CLELJCanadian Labour and Employment Law Journal
References in periodicals archive ?
When we were both in our third-year of law school, we were two of the three Senior Student Editors for the CLELJ, and in that year--working with Bernie's support, guidance and belief in us--we brought the CLELJ student programme to its highest participation level, extending the opportunity to benefit from even a hint of Bernie's influence to almost half the first-year class.
Possible Implications for Canada" (2009-2010) 15 CLELJ 209 at
Harry Arthurs, "Constitutionalizing the Right of Workers to Organize, Bargain and Strike: The Sight of One Shoulder Shrugging" (2009-2010) 15 CLELJ 373.
2000) 8 CLELJ 231; Richard MacDowell, "Labour Arbitration: The New Labour Court?
Strike," (2009-2010) 15:1 CLELJ 297 at 300 [Cameron].
Health Services" (2006-2007) 13 CLELJ 233; Jamie Cameron,
Steven M Barrett, << Dunmore v Ontario (Attorney General): Freedom of Association at the Crossroads >> (2003) 10 CLELJ 83 ; Roy J Adams, << The Revolutionnary Potential of Dunmore >> (2003) 10 CLELJ 117 ; Patricia Hughes << Dunmore v Ontario (Attorney General) : Waiting for the Other Shoe >> (2003) 10 CLELJ 27 ; Dianne Pothier, << Twenty years of Labour Law and the Charter >> (2002) 40 Osgoode Hall LJ 369 ; John Craig et Henry Dinsdale << A New Trilogy or the Same Old Story?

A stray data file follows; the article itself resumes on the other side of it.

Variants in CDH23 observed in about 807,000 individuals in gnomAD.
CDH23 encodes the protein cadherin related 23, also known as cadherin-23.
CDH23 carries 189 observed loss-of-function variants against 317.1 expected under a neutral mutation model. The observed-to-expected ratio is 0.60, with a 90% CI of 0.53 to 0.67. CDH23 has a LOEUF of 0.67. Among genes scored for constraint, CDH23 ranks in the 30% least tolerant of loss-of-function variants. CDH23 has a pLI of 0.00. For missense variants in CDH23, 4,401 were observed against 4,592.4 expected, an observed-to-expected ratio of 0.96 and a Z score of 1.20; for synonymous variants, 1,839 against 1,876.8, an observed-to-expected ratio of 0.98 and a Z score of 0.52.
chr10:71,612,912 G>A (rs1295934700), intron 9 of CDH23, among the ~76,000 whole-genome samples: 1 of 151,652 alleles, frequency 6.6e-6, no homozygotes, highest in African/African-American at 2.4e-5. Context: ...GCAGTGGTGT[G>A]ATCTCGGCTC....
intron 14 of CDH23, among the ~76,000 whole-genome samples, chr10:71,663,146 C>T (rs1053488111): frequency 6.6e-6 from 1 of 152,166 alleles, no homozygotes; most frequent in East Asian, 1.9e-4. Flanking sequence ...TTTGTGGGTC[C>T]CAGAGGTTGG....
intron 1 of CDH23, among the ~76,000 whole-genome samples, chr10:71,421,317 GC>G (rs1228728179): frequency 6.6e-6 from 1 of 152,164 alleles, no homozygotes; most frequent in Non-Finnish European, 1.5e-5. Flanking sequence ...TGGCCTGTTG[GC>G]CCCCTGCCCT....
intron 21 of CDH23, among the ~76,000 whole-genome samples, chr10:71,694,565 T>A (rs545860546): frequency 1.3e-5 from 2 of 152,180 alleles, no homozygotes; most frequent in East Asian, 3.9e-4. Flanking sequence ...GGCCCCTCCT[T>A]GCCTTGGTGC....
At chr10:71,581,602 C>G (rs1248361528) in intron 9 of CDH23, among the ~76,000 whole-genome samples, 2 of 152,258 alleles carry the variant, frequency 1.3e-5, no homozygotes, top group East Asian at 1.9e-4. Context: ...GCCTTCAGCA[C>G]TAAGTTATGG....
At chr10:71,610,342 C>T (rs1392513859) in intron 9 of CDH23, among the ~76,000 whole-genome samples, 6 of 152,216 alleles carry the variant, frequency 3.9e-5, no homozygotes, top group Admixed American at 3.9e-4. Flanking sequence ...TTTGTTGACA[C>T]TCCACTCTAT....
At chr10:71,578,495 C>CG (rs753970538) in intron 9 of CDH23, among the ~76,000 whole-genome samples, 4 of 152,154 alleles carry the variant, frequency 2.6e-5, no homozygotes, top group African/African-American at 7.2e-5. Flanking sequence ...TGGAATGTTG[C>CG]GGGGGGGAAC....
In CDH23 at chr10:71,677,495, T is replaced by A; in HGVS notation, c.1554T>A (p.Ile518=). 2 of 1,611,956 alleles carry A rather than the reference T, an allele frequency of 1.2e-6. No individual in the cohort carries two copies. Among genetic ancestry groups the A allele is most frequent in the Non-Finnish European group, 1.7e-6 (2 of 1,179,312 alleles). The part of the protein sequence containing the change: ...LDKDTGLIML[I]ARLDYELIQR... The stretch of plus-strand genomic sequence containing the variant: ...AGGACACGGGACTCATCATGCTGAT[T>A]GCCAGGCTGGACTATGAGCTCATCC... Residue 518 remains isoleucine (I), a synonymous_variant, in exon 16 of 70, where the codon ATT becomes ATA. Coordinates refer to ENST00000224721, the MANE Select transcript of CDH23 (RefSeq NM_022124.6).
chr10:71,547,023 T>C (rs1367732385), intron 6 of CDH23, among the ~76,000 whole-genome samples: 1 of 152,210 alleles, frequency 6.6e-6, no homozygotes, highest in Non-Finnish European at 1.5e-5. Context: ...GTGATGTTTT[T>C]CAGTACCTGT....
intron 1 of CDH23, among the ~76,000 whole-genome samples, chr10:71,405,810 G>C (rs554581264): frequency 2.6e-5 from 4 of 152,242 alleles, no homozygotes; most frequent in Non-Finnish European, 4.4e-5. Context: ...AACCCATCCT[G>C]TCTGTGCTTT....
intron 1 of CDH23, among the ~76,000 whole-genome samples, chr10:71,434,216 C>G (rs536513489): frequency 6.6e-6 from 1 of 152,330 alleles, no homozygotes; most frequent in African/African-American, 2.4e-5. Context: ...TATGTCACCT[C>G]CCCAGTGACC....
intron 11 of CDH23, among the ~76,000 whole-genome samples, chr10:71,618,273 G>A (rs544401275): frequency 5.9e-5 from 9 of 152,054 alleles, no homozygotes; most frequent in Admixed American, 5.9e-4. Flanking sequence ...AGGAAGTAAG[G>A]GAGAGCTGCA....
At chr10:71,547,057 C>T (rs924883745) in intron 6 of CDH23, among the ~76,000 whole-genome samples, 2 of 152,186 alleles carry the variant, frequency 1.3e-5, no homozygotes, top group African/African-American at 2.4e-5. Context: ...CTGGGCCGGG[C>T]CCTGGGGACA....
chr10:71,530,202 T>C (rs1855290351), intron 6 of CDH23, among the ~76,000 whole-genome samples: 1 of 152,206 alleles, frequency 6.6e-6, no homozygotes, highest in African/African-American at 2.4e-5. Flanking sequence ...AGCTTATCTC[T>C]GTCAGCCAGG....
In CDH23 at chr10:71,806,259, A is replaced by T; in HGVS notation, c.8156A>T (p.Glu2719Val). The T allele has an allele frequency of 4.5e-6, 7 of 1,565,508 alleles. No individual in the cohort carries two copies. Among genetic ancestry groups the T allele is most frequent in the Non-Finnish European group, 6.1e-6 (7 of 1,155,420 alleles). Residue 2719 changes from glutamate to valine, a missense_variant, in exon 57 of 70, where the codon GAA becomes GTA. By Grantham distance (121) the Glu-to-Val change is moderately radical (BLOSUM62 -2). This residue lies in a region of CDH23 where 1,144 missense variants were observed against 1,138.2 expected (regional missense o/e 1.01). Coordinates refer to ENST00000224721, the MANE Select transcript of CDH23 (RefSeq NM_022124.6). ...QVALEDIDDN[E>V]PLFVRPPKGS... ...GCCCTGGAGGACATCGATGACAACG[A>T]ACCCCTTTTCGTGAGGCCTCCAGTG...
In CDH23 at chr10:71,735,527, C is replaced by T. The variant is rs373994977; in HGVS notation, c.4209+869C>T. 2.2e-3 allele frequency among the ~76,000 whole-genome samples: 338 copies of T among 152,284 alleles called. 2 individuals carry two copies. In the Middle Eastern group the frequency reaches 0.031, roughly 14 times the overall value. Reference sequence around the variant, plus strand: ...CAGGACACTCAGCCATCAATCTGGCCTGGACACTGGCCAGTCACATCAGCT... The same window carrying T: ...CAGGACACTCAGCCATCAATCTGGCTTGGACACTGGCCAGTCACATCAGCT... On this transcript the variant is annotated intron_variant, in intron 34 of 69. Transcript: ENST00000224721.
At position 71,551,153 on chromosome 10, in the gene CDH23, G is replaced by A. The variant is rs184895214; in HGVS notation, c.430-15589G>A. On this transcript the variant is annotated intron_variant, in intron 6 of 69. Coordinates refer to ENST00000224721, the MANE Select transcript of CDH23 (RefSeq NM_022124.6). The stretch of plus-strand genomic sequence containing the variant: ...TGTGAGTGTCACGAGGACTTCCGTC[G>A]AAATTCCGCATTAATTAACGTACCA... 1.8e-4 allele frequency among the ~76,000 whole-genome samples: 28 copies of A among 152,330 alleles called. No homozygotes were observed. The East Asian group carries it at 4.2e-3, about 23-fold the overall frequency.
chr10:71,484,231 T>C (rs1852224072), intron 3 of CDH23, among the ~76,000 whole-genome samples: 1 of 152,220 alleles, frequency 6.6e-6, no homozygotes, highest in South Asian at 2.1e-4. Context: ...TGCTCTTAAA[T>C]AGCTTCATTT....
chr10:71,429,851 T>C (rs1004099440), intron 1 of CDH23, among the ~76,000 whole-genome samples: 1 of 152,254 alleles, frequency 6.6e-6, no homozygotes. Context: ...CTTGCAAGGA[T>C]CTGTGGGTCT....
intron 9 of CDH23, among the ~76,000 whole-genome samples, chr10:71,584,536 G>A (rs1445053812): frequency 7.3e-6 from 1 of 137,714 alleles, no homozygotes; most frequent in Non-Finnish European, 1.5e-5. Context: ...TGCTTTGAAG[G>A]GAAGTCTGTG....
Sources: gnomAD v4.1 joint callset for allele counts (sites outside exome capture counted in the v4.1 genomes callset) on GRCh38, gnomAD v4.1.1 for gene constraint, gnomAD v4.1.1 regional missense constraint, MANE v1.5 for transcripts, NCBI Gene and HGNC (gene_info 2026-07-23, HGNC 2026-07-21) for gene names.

Charting the Legal Significance of the Distinction in Canada" (2003) 10 CLELJ 193.
2006-2007) 13 CLELJ 273; Brian Langille & Benjamin Oliphant, "From the Frying Pan into the Fire; Fraser and the Shift from International Law to International 'Thought' in Charter Cases" (2012) 16:2 CLELJ 181.
For a detailed and critical review of the impact of the Wagner approach in Canadian labour law, see Roy J Adams, "A Pernicious Euphoria: 50 Years of Wagnerism in Canada" (1995) 3 CLELJ 321 at 326 [Adams, "A Pernicious Euphoria"].
See Roy J Adams, "A Pernicious Euphoria: 50 Years of Wagnerism in Canada" (1995) 3 CLELJ 321 at 340-41 (contending that a key reason Canadian governments have found relatively high work stoppage rates to be acceptable is that the Wagner model ensures that stoppages will "generally occur in an orderly and predictable fashion" and will therefore be less disruptive than under other policy frameworks).